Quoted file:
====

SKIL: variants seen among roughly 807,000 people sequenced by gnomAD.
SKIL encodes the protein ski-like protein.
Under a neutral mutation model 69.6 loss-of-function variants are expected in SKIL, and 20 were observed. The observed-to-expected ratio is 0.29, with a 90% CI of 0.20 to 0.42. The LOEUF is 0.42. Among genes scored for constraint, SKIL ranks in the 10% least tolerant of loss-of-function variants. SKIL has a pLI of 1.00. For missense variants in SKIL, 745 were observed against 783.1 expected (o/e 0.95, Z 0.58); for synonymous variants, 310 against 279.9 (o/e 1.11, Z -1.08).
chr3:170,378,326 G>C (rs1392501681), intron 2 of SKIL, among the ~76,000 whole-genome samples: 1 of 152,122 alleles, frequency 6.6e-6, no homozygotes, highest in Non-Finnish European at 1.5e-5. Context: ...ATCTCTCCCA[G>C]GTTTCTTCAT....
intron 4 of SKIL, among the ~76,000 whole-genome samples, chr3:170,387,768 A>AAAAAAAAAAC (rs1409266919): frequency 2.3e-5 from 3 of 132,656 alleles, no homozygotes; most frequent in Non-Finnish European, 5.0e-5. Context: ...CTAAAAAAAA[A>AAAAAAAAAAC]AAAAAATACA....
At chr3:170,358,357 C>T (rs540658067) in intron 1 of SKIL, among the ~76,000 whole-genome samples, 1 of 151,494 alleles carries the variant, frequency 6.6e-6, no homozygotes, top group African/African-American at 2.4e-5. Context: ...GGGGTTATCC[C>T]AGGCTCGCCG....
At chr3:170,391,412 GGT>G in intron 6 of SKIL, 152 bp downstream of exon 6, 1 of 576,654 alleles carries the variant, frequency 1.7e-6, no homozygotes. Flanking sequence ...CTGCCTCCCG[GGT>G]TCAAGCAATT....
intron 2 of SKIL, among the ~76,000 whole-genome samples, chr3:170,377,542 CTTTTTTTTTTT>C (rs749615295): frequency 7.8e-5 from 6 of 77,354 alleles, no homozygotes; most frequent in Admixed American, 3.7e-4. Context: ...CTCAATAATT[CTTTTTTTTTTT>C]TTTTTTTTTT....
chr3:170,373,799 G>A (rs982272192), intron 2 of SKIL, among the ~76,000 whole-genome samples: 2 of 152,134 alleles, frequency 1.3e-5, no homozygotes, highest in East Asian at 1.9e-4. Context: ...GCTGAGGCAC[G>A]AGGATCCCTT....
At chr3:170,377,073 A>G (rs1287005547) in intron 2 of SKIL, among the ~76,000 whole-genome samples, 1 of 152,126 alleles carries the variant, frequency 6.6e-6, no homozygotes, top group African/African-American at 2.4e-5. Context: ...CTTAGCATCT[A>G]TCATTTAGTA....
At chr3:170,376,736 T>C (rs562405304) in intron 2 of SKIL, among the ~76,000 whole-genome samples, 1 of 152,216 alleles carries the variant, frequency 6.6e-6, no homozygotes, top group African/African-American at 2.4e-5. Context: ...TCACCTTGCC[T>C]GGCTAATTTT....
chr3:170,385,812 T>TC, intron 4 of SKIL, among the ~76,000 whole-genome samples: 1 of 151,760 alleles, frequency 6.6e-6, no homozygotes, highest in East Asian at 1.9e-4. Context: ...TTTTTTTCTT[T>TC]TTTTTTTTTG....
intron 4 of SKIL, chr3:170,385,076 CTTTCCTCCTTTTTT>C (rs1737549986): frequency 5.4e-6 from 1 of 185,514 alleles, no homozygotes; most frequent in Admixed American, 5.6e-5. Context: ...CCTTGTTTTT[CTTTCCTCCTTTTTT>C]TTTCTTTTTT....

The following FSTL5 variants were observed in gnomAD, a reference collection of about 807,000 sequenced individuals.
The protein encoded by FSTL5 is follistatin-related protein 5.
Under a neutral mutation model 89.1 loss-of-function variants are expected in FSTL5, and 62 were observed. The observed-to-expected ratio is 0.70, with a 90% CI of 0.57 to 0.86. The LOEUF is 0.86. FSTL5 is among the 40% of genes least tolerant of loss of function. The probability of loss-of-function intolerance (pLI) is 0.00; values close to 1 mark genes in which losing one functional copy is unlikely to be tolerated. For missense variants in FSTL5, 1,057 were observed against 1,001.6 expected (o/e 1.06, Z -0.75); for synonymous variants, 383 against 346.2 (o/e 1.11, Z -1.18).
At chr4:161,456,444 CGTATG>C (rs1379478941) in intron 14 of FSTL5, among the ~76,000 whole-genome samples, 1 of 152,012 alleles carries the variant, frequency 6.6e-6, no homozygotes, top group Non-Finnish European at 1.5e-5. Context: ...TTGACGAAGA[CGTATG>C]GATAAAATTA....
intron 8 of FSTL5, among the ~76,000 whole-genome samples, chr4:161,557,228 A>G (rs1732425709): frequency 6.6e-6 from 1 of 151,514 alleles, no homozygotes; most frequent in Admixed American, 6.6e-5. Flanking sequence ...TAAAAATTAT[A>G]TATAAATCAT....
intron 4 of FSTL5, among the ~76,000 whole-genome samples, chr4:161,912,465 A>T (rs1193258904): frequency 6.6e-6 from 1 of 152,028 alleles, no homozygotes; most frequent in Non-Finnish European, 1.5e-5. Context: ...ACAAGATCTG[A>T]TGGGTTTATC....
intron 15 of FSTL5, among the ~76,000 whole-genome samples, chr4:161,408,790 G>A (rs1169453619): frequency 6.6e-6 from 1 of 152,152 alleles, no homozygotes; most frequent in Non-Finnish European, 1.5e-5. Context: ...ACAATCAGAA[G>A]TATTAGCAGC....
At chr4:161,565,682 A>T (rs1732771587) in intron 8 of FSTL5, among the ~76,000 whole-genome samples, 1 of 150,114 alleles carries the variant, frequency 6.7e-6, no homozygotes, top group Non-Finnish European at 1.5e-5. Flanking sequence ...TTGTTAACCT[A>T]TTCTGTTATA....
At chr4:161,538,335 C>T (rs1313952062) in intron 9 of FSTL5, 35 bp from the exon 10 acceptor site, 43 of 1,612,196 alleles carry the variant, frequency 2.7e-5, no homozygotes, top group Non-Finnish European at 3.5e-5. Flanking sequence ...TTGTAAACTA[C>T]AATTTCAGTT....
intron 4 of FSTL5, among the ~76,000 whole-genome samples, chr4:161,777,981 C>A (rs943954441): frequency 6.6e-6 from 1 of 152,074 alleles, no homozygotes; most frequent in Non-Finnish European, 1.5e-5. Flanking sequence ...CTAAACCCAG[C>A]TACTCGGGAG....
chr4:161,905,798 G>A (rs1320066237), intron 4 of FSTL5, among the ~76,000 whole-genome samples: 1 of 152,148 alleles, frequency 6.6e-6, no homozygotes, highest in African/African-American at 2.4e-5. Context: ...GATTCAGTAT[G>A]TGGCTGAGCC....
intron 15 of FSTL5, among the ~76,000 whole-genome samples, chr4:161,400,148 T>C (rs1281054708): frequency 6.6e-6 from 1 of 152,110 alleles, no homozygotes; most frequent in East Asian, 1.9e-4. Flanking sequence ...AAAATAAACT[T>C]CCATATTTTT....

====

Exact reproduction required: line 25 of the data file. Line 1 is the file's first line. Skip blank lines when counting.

intron 15 of FSTL5, among the ~76,000 whole-genome samples, chr4:161,400,148 T>C (rs1281054708): frequency 6.6e-6 from 1 of 152,110 alleles, no homozygotes; most frequent in East Asian, 1.9e-4. Flanking sequence ...AAAATAAACT[T>C]CCATATTTTT....